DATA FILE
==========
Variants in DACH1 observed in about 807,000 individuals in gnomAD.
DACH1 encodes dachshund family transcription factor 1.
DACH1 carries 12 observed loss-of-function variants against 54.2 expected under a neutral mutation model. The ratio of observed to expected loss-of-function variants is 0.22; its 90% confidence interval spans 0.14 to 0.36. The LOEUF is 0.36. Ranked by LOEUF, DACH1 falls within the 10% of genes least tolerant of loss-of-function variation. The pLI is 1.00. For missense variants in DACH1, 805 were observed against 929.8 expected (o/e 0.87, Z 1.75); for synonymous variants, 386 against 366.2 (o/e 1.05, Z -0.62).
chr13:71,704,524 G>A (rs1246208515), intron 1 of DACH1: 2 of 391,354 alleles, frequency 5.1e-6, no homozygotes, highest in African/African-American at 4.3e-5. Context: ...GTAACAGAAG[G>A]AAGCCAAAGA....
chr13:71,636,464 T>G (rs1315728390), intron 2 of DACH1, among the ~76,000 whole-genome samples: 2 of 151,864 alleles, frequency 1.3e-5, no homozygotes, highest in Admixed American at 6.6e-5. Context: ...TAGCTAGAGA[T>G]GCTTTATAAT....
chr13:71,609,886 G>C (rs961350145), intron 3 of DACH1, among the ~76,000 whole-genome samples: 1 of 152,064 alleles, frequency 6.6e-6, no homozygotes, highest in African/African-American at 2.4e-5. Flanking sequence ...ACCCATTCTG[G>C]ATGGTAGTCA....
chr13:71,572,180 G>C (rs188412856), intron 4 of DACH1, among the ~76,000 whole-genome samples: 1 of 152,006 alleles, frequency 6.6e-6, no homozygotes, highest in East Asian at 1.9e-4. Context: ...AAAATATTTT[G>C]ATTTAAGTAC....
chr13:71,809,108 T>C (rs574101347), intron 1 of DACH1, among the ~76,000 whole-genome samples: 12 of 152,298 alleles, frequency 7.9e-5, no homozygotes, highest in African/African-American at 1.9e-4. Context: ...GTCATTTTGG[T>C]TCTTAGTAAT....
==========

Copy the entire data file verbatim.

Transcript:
Variants in DACH1 observed in about 807,000 individuals in gnomAD.
DACH1 encodes dachshund family transcription factor 1.
DACH1 carries 12 observed loss-of-function variants against 54.2 expected under a neutral mutation model. The ratio of observed to expected loss-of-function variants is 0.22; its 90% confidence interval spans 0.14 to 0.36. The LOEUF is 0.36. Ranked by LOEUF, DACH1 falls within the 10% of genes least tolerant of loss-of-function variation. The pLI is 1.00. For missense variants in DACH1, 805 were observed against 929.8 expected (o/e 0.87, Z 1.75); for synonymous variants, 386 against 366.2 (o/e 1.05, Z -0.62).
chr13:71,704,524 G>A (rs1246208515), intron 1 of DACH1: 2 of 391,354 alleles, frequency 5.1e-6, no homozygotes, highest in African/African-American at 4.3e-5. Context: ...GTAACAGAAG[G>A]AAGCCAAAGA....
chr13:71,636,464 T>G (rs1315728390), intron 2 of DACH1, among the ~76,000 whole-genome samples: 2 of 151,864 alleles, frequency 1.3e-5, no homozygotes, highest in Admixed American at 6.6e-5. Context: ...TAGCTAGAGA[T>G]GCTTTATAAT....
chr13:71,609,886 G>C (rs961350145), intron 3 of DACH1, among the ~76,000 whole-genome samples: 1 of 152,064 alleles, frequency 6.6e-6, no homozygotes, highest in African/African-American at 2.4e-5. Flanking sequence ...ACCCATTCTG[G>C]ATGGTAGTCA....
chr13:71,572,180 G>C (rs188412856), intron 4 of DACH1, among the ~76,000 whole-genome samples: 1 of 152,006 alleles, frequency 6.6e-6, no homozygotes, highest in East Asian at 1.9e-4. Context: ...AAAATATTTT[G>C]ATTTAAGTAC....
chr13:71,809,108 T>C (rs574101347), intron 1 of DACH1, among the ~76,000 whole-genome samples: 12 of 152,298 alleles, frequency 7.9e-5, no homozygotes, highest in African/African-American at 1.9e-4. Context: ...GTCATTTTGG[T>C]TCTTAGTAAT....